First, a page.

Way back, when Lynn presented himself as a candidate for the priesthood, he very likely had no accurate knowledge of it and his recruiters used deceptive means to hook him, offering unconditional love, a career, new “powers,” and a social utopia.

        Lynn’s vulnerabilities led him to take the bait. Among them, a desire to belong, unassertiveness, gullibility, mainstream/secular cultural and social disillusionment, susceptibility to ritual fanfare and all things heavenly and Other, lack of self-confidence, desire for meaning (likely he perceived the spiritual route to be his last straw), ignorance of how insular groups can manipulate individuals, and idealistic.

        When Lynn entered seminary, his exposure to the priesthood’s insular groupthink began, reaching a crescendo once he was in ministry and the pressures of careerism and favoritism came into play. He, like most priests, dutifully, obediently, and loyally immersed himself in the groupthink. Among its “rewards” are an illusion of invulnerability (nothing bad ever happens to Father, the brotherhood will protect me), an illusion of morality (we are moral, God told us so), rationalization (in moving pedophile priests around it’s ok because we’re protecting Mother Church), stereotyping (dissidents, progressives, and whistleblowers are evil; we, however, are “in persona Christi”), self-censorship (we can look at ourselves with integrity; we can see and fix our mistakes and there are none), an illusion of unanimity (ALL of the brothers are onboard with the way we operate), pressure on and punitive consequences for dissident points of view (don’t speak up with criticism or you’re gone), and reliance on mind guards (bishops and popes love you, know God’s mind, and know what’s best for you and humanity).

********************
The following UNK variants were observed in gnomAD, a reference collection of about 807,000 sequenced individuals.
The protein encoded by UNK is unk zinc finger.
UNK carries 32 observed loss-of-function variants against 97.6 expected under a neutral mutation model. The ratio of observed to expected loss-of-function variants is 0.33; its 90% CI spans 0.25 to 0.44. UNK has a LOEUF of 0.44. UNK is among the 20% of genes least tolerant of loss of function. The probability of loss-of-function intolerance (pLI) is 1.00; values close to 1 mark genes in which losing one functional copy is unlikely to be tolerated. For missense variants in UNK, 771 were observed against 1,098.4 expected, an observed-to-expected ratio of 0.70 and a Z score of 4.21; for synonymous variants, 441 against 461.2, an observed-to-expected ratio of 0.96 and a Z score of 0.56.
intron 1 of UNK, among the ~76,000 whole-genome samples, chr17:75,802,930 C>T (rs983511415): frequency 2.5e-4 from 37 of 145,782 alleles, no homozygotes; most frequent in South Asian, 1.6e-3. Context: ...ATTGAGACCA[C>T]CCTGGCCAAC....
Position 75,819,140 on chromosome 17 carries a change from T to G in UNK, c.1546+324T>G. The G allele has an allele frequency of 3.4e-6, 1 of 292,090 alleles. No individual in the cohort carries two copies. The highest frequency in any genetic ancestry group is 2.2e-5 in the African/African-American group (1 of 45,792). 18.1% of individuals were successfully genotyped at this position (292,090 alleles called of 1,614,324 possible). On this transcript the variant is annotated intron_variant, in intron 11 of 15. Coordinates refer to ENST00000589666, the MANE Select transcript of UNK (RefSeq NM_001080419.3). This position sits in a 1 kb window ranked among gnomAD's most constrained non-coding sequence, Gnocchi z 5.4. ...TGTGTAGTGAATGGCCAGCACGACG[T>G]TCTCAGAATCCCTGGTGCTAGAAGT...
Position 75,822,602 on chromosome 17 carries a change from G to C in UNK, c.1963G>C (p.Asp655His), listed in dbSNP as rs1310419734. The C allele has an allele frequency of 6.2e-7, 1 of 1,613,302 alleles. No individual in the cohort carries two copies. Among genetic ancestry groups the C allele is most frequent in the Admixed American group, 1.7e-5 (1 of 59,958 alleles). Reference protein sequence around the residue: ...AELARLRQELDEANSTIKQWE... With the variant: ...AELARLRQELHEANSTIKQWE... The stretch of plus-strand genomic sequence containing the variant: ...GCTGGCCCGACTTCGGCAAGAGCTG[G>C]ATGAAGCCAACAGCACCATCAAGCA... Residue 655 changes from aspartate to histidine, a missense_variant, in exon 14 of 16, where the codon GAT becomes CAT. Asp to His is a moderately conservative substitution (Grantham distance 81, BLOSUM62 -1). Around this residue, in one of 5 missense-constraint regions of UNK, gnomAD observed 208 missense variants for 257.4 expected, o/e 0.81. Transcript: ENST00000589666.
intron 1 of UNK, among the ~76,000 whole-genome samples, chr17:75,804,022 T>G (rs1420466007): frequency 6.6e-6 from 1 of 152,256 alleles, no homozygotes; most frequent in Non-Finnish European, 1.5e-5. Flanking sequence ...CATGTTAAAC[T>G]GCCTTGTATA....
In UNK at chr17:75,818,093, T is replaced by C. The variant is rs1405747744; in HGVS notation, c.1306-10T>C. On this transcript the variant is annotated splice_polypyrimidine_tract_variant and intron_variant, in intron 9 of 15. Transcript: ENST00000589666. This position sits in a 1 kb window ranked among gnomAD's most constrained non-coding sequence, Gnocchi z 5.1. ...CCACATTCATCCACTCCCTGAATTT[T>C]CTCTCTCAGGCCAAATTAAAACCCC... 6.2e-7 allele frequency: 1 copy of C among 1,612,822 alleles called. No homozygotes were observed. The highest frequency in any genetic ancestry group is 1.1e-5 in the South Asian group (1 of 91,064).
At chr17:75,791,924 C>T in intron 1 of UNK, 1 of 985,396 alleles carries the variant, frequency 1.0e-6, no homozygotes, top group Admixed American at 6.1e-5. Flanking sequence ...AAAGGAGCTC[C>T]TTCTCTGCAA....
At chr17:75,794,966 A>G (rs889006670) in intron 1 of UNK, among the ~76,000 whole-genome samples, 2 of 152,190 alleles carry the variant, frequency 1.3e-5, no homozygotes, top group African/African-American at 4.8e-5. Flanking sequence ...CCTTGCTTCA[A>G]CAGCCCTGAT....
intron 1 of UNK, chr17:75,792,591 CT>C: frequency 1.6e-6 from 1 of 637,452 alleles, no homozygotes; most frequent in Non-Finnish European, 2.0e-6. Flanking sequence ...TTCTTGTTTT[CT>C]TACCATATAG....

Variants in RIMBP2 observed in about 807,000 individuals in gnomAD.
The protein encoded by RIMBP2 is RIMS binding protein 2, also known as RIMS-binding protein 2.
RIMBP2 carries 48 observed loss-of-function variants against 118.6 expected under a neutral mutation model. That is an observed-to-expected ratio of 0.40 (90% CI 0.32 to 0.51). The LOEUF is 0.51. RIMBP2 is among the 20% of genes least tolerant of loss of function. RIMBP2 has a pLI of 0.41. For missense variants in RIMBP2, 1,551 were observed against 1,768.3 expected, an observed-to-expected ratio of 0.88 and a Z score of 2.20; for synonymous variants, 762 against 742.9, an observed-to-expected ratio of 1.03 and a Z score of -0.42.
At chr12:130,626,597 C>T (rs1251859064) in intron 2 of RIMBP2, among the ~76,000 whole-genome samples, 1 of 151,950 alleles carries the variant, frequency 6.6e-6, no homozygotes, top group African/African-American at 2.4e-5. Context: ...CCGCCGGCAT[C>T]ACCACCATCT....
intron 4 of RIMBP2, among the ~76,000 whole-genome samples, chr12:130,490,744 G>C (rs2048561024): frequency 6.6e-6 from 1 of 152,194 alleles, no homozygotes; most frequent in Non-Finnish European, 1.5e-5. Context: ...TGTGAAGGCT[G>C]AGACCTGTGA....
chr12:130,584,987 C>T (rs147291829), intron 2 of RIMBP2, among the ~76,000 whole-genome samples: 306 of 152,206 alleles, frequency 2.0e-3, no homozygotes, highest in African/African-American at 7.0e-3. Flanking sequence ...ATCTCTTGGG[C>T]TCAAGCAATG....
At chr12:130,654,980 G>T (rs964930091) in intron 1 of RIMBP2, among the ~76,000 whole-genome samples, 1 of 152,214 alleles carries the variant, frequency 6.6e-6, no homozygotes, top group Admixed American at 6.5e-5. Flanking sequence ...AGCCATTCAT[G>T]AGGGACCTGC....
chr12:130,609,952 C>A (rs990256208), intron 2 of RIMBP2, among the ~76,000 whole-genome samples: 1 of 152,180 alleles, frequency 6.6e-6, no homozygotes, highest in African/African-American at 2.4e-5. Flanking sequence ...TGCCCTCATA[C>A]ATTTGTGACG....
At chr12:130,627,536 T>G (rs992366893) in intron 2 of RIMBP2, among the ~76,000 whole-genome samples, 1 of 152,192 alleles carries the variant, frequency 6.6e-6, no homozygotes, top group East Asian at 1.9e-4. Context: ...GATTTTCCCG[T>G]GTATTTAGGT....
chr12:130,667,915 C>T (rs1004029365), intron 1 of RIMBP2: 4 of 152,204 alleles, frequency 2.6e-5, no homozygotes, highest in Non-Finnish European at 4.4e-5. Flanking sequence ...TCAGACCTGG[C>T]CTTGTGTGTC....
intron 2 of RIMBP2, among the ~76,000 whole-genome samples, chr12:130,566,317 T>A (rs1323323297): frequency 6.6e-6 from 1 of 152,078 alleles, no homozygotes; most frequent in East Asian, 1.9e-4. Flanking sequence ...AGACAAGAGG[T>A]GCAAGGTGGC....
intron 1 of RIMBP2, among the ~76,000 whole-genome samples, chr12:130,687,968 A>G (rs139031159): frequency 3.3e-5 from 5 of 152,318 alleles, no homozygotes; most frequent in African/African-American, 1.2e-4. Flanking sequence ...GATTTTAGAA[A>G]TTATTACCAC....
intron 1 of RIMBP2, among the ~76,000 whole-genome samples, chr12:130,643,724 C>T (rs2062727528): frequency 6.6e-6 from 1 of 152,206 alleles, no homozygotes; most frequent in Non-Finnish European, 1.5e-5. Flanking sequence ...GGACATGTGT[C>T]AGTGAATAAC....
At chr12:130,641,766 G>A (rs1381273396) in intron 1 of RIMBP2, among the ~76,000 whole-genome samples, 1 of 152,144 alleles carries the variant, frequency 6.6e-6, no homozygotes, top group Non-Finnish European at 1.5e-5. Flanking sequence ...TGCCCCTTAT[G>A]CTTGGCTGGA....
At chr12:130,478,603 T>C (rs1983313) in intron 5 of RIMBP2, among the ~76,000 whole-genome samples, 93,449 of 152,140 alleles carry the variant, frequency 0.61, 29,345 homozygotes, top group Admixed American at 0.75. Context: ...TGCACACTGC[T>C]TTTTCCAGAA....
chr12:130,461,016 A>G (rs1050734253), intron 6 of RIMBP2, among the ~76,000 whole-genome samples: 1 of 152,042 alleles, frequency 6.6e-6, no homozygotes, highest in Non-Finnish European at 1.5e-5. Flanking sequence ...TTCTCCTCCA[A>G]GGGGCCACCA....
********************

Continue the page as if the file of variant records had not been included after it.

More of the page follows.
Lynn’s not the only Yes-man. Yes-men embody the priesthood. Their silence ensures and maintains what, in reality, is the tragedy of Catholicism.

        • Wow Katherine you nailed it. The priesthood has become everything Jesus wasn’t. In many ways he was always making waves, challenging and confronting those that were corrupt and hypocrits in the church. Jesus was fearless to the very end and far from being a coward………Jesus should be a source of strength for us not a crutch to avoid confronting the evil in the world……

        • Kate, of course but there are levels of “Yes” men but he seemed at the highest rung. Also add in the power..take a man who would not have even made middle management in the outside world and put him in charge of a few hundred people..and there you go. The desire to please and a little power…

          • Katherine FitzGerald May 15, 2014 at 10:56 pm

            Kathy, I see it more as a desire to please and no power. Sure, power in title, leading him to manage a few hundred priests, but powerless to do it in a manner other than the one historically demanded by the big guys and the clerical culture. Where is the power in knowing you must follow orders or your out? That’s exactly why they chose Lynn. “He’ll do what we tell him to do.” How powerless is that?

            We’re asking Lynn to have been an individual, a hero, a renegade, a whistleblower. He’s a priest. Forget it.

          • Katherine FitzGerald May 16, 2014 at 1:27 pm

            Kathy, while I view Lynn as essentially powerless in his job of overseeing priests, which is not an excuse for his criminal/immoral behavior, I’ve always wonder whether he behaved on the up-and-up while he was a pastor. As pastor, he had power. Did he abuse it? For example, did he steal parish funds? While doing so is hardly uncommon, the clerical culture does not outwardly or secretly expect or promote it, nor does one’s job depend on doing it. I guess my question is, were Lynn free of clericalism’s demands and threats, would he still misbehave on his own fruition? Is he, alone, a bad guy?

  6. I just was reminded once again this week that Satan is the “father of all lies” the ones others tell and the ones we tell to others and even ourselves…….Jesus will always be the Way the Truth and the LIght………….and I thank God for that……….Peace to all of you that come to this site……..I pray for you always………

  7. http://news.yahoo.com/puerto-rico-priest-faces-federal-sex-charges-143832471.html

    Maybe some news to brighten your day. The feds have finally become involved in the prosecution of clergy sexual abuse. Hopefully this is just the beginning.

  8. I remember some had cried foul at the plea deal and short prison sentence that Avery agreed to..but people should know that these crimes don’t always carry the sentence we would imagine .

    http://nypost.com/2014/05/16/orthodox-jewish-man-admits-to-sex-8-times-with-teenage-boy/